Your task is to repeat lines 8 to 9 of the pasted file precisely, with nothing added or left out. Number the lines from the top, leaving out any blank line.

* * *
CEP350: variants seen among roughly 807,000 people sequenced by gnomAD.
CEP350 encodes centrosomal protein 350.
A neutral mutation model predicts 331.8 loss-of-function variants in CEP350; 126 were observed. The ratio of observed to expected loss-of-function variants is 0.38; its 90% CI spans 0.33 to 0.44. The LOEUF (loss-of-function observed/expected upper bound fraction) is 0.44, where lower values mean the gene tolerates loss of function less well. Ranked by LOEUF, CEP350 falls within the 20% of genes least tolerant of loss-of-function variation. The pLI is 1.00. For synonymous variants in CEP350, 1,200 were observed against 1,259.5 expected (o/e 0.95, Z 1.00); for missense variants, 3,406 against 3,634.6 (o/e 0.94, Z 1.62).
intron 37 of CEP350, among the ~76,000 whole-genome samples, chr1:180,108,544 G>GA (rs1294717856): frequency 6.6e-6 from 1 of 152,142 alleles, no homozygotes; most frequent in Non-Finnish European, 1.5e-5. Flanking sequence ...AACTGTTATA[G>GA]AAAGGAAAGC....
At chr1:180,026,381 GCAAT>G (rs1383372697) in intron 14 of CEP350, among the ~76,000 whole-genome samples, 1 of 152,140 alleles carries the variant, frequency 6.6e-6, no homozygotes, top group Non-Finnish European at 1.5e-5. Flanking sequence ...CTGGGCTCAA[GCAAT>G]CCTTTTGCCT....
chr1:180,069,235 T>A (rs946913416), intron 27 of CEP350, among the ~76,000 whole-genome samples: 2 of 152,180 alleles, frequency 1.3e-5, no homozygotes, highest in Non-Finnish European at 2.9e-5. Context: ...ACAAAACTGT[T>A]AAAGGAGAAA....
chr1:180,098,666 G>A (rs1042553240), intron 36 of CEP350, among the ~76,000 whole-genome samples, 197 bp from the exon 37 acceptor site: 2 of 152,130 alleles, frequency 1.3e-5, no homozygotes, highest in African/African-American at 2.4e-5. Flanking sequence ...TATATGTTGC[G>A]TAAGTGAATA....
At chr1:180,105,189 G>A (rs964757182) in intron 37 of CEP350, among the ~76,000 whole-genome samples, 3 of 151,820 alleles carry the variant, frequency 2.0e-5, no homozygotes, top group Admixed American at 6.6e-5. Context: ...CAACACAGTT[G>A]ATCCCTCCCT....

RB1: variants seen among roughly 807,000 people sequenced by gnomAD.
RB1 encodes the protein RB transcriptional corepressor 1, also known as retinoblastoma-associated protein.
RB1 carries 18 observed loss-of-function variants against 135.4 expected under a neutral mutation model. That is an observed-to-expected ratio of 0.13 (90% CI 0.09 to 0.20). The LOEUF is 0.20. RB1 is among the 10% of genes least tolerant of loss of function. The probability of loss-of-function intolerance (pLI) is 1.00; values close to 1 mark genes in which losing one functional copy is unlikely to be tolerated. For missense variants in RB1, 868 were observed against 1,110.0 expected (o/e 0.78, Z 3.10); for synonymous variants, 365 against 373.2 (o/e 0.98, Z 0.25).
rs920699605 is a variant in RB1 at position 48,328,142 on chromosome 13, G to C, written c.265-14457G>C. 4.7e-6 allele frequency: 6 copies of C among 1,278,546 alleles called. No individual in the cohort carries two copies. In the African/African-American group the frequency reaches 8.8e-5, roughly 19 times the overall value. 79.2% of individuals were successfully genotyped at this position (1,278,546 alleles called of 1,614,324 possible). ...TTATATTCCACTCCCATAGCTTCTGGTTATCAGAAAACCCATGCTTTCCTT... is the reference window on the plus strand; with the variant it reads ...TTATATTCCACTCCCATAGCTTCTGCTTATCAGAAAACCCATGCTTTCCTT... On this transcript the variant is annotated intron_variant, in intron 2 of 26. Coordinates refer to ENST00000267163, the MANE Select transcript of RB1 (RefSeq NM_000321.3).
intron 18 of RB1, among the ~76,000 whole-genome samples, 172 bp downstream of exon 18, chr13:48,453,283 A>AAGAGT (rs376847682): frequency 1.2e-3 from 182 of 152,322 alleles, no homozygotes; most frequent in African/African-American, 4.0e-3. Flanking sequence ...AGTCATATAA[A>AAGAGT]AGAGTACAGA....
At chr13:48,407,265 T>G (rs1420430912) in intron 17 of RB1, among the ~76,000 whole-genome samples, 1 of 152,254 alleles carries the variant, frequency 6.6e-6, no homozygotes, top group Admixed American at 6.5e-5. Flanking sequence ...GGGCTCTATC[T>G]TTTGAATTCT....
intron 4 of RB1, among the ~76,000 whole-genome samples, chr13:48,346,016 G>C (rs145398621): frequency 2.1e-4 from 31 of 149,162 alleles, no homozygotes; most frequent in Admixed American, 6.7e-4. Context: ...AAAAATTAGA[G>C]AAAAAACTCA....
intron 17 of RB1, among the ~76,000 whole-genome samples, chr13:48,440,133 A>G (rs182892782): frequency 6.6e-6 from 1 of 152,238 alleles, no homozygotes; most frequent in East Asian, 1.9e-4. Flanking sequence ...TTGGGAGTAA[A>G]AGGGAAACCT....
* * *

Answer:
At chr1:180,105,189 G>A (rs964757182) in intron 37 of CEP350, among the ~76,000 whole-genome samples, 3 of 151,820 alleles carry the variant, frequency 2.0e-5, no homozygotes, top group Admixed American at 6.6e-5. Context: ...CAACACAGTT[G>A]ATCCCTCCCT....

RB1: variants seen among roughly 807,000 people sequenced by gnomAD.